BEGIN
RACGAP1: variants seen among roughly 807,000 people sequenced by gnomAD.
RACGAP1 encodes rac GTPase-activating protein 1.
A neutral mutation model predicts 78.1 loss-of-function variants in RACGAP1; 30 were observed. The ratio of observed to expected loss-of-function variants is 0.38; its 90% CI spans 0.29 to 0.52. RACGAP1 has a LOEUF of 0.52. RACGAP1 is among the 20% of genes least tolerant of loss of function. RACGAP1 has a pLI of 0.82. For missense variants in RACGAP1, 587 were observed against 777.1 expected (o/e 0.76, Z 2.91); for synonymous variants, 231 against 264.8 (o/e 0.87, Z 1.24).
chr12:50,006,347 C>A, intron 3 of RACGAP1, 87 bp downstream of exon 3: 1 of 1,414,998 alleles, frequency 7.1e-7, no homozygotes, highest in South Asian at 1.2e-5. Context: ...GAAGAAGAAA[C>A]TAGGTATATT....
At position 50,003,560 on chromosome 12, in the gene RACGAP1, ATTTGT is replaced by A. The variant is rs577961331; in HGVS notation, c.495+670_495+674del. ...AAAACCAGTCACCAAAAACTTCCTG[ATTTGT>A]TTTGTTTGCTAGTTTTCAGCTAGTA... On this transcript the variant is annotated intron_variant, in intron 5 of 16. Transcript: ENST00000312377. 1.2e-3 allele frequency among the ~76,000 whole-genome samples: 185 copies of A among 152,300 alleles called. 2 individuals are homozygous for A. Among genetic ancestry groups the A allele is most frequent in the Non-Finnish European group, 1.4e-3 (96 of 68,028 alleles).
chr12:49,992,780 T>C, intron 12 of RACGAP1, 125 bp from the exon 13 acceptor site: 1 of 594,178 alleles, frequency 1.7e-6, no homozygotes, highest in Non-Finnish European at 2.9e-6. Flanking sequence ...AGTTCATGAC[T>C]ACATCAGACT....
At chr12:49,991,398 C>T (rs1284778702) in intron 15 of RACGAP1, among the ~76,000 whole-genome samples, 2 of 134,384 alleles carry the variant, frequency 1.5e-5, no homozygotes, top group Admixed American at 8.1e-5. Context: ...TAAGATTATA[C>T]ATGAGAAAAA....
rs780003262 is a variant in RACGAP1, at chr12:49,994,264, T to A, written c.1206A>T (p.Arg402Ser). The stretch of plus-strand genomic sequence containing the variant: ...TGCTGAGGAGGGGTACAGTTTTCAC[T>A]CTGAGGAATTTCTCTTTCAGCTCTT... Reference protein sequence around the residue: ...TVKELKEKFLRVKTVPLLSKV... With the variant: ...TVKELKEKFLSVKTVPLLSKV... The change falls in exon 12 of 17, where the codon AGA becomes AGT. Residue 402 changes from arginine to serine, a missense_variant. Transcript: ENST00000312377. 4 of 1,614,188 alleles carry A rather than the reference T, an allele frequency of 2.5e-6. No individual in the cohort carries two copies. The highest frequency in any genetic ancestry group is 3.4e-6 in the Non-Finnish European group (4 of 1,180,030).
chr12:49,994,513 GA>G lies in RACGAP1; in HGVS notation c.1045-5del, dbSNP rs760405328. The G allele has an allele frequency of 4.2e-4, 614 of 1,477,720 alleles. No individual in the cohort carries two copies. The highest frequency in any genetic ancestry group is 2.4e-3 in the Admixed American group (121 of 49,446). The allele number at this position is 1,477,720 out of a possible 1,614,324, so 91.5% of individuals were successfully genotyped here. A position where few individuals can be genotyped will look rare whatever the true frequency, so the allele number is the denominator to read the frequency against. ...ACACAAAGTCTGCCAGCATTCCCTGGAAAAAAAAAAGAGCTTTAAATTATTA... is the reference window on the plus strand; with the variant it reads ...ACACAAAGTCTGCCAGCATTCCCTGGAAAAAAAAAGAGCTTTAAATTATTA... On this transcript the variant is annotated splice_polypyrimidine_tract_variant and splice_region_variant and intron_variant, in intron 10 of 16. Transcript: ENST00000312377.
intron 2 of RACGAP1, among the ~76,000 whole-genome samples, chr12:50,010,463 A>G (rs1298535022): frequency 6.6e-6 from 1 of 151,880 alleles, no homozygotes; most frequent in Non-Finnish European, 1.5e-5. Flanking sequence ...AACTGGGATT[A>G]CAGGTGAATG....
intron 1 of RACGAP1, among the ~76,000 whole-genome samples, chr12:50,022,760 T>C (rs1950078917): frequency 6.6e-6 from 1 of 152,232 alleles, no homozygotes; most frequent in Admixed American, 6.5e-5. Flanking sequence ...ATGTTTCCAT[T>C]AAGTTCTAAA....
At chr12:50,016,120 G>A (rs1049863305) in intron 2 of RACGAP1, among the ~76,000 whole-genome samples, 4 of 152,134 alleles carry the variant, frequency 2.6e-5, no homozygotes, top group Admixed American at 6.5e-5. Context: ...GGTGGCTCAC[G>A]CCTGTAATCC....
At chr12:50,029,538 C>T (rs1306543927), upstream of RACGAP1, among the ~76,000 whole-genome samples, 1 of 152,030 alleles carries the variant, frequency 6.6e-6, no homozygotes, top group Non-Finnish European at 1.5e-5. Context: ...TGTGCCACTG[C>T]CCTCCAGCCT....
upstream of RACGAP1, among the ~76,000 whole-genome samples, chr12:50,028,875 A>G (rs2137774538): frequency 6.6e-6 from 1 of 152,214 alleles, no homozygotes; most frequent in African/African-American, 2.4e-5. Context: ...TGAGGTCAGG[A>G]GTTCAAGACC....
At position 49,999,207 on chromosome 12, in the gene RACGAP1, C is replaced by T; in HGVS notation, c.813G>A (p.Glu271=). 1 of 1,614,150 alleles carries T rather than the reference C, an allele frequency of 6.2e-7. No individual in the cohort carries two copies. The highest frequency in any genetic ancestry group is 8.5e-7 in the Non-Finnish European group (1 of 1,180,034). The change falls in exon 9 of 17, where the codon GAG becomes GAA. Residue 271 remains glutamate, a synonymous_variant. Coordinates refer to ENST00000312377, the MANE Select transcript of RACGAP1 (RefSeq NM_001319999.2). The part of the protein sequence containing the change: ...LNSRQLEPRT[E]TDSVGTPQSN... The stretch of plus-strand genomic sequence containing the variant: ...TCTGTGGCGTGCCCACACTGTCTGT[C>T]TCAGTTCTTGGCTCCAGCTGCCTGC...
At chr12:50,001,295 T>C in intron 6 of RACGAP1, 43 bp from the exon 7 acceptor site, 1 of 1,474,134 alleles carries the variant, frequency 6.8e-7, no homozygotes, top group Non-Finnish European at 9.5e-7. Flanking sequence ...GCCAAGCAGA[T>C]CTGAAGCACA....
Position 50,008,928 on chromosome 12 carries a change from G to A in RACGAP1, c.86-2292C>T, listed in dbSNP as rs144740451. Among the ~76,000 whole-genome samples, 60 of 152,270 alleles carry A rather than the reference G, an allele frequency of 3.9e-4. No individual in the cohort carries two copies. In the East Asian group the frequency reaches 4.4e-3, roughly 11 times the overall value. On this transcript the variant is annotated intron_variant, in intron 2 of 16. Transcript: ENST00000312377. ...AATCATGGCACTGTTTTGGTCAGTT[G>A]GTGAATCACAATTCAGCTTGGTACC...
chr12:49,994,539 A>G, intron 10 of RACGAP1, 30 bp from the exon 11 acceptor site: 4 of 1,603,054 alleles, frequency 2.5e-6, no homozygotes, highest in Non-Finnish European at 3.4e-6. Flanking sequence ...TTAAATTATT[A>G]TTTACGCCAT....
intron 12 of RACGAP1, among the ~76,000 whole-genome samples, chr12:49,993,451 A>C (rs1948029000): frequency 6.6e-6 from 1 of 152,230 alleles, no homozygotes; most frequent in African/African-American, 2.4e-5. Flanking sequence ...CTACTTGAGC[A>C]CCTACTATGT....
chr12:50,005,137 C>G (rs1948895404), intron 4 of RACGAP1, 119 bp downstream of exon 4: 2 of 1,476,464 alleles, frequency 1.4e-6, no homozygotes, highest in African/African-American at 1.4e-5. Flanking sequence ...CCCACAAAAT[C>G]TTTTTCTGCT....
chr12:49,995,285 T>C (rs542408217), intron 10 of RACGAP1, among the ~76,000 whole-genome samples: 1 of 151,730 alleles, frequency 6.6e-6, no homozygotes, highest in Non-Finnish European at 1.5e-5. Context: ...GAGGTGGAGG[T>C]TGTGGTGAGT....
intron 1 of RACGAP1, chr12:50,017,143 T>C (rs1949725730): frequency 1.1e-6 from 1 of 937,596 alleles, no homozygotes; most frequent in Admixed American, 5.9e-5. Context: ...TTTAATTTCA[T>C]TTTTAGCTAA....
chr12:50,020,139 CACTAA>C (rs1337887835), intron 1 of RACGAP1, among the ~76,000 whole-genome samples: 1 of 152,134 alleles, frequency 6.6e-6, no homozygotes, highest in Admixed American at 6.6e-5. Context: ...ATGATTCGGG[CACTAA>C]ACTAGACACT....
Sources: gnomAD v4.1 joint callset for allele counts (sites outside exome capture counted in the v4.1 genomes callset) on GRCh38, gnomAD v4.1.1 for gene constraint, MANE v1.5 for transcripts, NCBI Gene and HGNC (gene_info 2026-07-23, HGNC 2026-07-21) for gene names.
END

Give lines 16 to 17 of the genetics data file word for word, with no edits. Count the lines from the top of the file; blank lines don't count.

At chr12:50,001,295 T>C in intron 6 of RACGAP1, 43 bp from the exon 7 acceptor site, 1 of 1,474,134 alleles carries the variant, frequency 6.8e-7, no homozygotes, top group Non-Finnish European at 9.5e-7. Flanking sequence ...GCCAAGCAGA[T>C]CTGAAGCACA....
Position 50,008,928 on chromosome 12 carries a change from G to A in RACGAP1, c.86-2292C>T, listed in dbSNP as rs144740451. Among the ~76,000 whole-genome samples, 60 of 152,270 alleles carry A rather than the reference G, an allele frequency of 3.9e-4. No individual in the cohort carries two copies. In the East Asian group the frequency reaches 4.4e-3, roughly 11 times the overall value. On this transcript the variant is annotated intron_variant, in intron 2 of 16. Transcript: ENST00000312377. ...AATCATGGCACTGTTTTGGTCAGTT[G>A]GTGAATCACAATTCAGCTTGGTACC...